“Failsafe” and “Too Big to Fail” — #3

There are many good reasons to do what it takes to come up with a financial system that’s “fail-safe.” One of the best is that then maybe China will keep investing in America.

A recent article in the New York Times magazine, The China Puzzle by David Leonhardt, talks about how intertwined America’s economy is with that of China. I find it really scary, even though it ends on a hopeful note.

Some selected quotes:

“Over the past decade, China and the United States have developed a deeply symbiotic, and dangerous, relationship. China discovered that an economy built on cheap exports would allow it to grow faster than it ever had and to create enough jobs to mollify its impoverished population. American consumers snapped up these cheap exports — shoes, toys, electronics and the like — and China soon found itself owning a huge pile of American dollars. Governments don’t like to hold too much cash, because it pays no return, so the Chinese bought many, many Treasury bonds with their dollars. This additional demand for Treasuries was one big reason (though not the only reason) that interest rates fell so low in recent years. Thanks to those low interest rates, Americans were able to go on a shopping spree and buy some things, like houses, they couldn’t really afford. China kept lending and exporting, and we kept borrowing and consuming. It all worked very nicely, until it didn’t… The most obviously worrisome part of the situation today is that the Chinese could decide that they no longer want to buy Treasury bonds.” [Emphasis nervously added]

“Were China to cut back sharply on its purchase of Treasury bonds, it would send the value of the bonds plummeting, hurting the Chinese, who already own hundreds of billions of dollars’ worth. Yet Wen’s comments, which made headlines around the world, did highlight an underlying truth. The relationship between the United States and China can’t continue on its current path.” [Emphasis added]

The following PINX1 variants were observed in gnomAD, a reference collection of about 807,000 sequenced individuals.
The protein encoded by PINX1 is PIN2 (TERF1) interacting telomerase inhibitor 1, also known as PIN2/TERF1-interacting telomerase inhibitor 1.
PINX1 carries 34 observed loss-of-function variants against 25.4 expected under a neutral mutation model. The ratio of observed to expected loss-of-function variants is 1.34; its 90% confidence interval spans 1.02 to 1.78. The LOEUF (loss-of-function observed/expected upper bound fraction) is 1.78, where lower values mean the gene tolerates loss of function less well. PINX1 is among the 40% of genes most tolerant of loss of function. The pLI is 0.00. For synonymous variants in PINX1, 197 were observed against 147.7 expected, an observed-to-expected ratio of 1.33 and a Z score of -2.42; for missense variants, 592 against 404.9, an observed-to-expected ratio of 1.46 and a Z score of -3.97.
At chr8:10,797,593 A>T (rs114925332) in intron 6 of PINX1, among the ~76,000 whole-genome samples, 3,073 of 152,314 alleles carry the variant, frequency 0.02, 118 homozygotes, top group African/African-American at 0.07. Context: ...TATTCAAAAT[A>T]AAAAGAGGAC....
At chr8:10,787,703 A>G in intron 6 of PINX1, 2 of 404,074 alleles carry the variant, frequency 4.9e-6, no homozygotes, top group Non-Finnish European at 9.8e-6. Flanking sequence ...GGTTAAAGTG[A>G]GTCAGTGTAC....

“Throughout most of the 1990s, China’s current account surplus — the value of exports minus the value of imports — equaled less than 2 percent of its gross domestic product. As late as 2001, this surplus was only 1.3 percent of G.D.P. But then it began soaring. Last year, it was 10 percent of G.D.P., according to the World Bank. In more concrete terms, China sold $338 billion worth of goods to American consumers and business, more than the combined annual revenue of Microsoft, Apple, Coca-Cola, Boeing, Johnson & Johnson and Goldman Sachs. [Emphasis added!] American businesses sold only $71 billion to the Chinese.”

“At the end of a discussion with Lardy [Nicholas Lardy, a China expert at the Peterson Institute for International Economics in Washington] about the imbalances between the U.S. and China, I asked him what forms of leverage he thought the Obama administration had. ‘We have no leverage,’ he replied.”

A recent story in The Business Times says that China is still buying, and as of March had $767.9 Billion in Treasuries. That may not sound like a lot of money to you these days, but I’m still working on my first $1 million!

Leonhardt’s concern is that inflation caused by our stimulus packages will bring a decline in the value, and thus the desirability, of the Treasuries. Might happen.

MY concern is that the Chinese might also recognize that the American economic system is inherently unstable, since we’re still allowing (and indeed encouraging the growth of) financial institutions that are “Too Big To Fail.”

And have you read The Black Swan about unlikely events that aren’t planned for? And do you know about chaos theory, how sometimes things don’t end with a whimper, but with a bang?

And so if AMERICA remains “Too Big To Fail,” then a sensible policy by the Chinese would be to pull out, slowly if possible, more rapidly if necessary.

I’m for a “fail-safe” financial system. Now.

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